Achievement test is quite useful in measuring the learning acquisition by particular student in different subjects. Based upon the nature of learning outcome and content measured, quality of test item, procedure of administering and scoring and interpretation the teacher- made tests are prepared.

According to the modes of response, three types of test items such as oral, written and performance based (practical works) can be developed and used. The classroom teacher while preparing the teacher made tests should use all types of items.

Unit test is basically a teacher made test which is formative in nature. The unit test is informally conducted by the teacher. It provides credible feedback to the teacher regarding his/her teaching methodologies as well as to the students regarding his/her learning progress and difficulties. Further it is used for remediation and enrichment purposes.

The test items are classified under two broad headings-essay type and objective type. The essay types of items are extended response type and restricted response type.

Different types of objective types of items like short answer type, multiple choice type, matching type, alternate response type etc. can be used by the teacher.

Open ended items are quite useful to discourage cramming and enabling the student for divergent thinking.

Teacher Made Tests:

While teaching in a class, very often teachers have to use tests to assess levels of learning of each and every students of their class. These tests are essential for making the assessment more continuous and comprehensive.

Some important functions of the teacher-made test are:

  • To reflect on the day–to-day teaching-learning activities of the school.
  • To develop more efficient learning-teaching strategies.
  • To know the ability of individual student. By knowing the abilities of the students, the teacher may be at an advantaged position to form different ability groups.
  • To diagnose the students’ strengths and weaknesses, and this helps the teacher to plan for compensatory (remedial) and enrichment programmes.

QUALITATATIVE TOOLS AND TECHNIQUES:

Assessment/evaluation of learning is based on both the qualitative and quantitative description of a child’s performance. To know the status of the quality and quantity aspect of the child’s performance the classroom teacher has to use various types of tools and strategies.

Observation:

  • Systematically observing students in natural setting (also in simulated setting) is a useful technique for gathering data about student’s performance in different curricular and co-curricular activities and about their affective behaviour.
  • Student’s progress and behaviour in areas like speaking, handwriting, singing, dancing, dramatization, punctuality, effective use of time, cordial relationship, giving respect to the elders cannot be evaluated through paper-pencil tests. These can be assessed through observation techniques.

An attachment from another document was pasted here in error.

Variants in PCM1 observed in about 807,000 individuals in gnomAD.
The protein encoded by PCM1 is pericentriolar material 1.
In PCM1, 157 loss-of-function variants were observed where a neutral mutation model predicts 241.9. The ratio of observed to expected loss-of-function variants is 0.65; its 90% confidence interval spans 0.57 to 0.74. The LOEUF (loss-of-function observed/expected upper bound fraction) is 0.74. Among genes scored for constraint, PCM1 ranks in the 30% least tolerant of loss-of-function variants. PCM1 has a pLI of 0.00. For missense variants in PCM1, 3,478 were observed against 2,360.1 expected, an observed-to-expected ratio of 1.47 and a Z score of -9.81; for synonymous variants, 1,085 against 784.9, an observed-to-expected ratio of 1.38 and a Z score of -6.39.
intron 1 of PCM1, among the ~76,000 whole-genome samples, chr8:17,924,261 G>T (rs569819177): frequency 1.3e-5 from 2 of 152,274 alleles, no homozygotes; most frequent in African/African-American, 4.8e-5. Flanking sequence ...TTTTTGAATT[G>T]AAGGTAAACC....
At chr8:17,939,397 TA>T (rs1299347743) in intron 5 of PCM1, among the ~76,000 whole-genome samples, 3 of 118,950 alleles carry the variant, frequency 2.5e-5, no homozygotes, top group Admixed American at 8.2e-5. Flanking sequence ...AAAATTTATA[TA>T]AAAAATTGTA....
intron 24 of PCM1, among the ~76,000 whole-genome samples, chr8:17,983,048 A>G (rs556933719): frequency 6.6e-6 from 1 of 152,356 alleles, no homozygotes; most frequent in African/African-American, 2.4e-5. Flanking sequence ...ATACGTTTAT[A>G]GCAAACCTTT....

Check List:

  • Check list is a tool which helps the teacher to record the student’s performance in specific activities.
  • Check list usually contain list of behaviours, characteristics that are either present or absent

Rating Scale:

  • A rating scale is an instrument that requires the rather to assign the rated object that has numerals assigned to them
  • Rating scale resemble checklist, but it is used when finer descriptions are needed. In check list what do you do? You merely indicate the presence or absence of a characteristic through a checklist. But in a rating scale you have to indicate the status or level of quality of what is being rated.

Questionnaire:

  • A Questionnaire is useful in providing adequate, accurate, unbiased data as required. On the basis of the objective and purposes of information, the items (questions) for a questionnaire are developed.

Interview:

  • Interview is an effective technique to collect information directly by face to face personal conversation with some specific purpose.
  • When we need to find the reason for a particular behaviour in the student, asking him/her personally is the best way to elicit. The confidence, which the student carry of his /her teacher, will help the teacher in getting correct information.

Portfolio:

  • A student portfolio is a collection of pieces of student’s work selected to serve a particular purpose
  • Portfolios can serve as an effective tool in fostering skills in self- evaluation which leads to independent thinking.
  • This creates an opportunity for further learning as well as involvement of parents in the school activities

Project:

  • Projects are quite useful in establishing a link between the knowledge inside the textbook and the life of the students.
  • According to Ballard, “A project is a bit of real life that has been imparted into the school”.
  • The projects can be undertaken either by individual student or by students in small groups.
  • Projects can act as an effective technique for evaluation of student’s behaviour in both scholastic and co-scholastic areas. It helps the teacher to get information about the student’s ability in applying the knowledge in different situations.

Case study:

  • Case studies are in-depth investigation of an individual, a family, a school, or a group of children.
  • Case studies can be vertical (collecting information about the child over a long period of time) or may be horizontal or cross sectional (Collecting information of recent period from all possible sources about the child).

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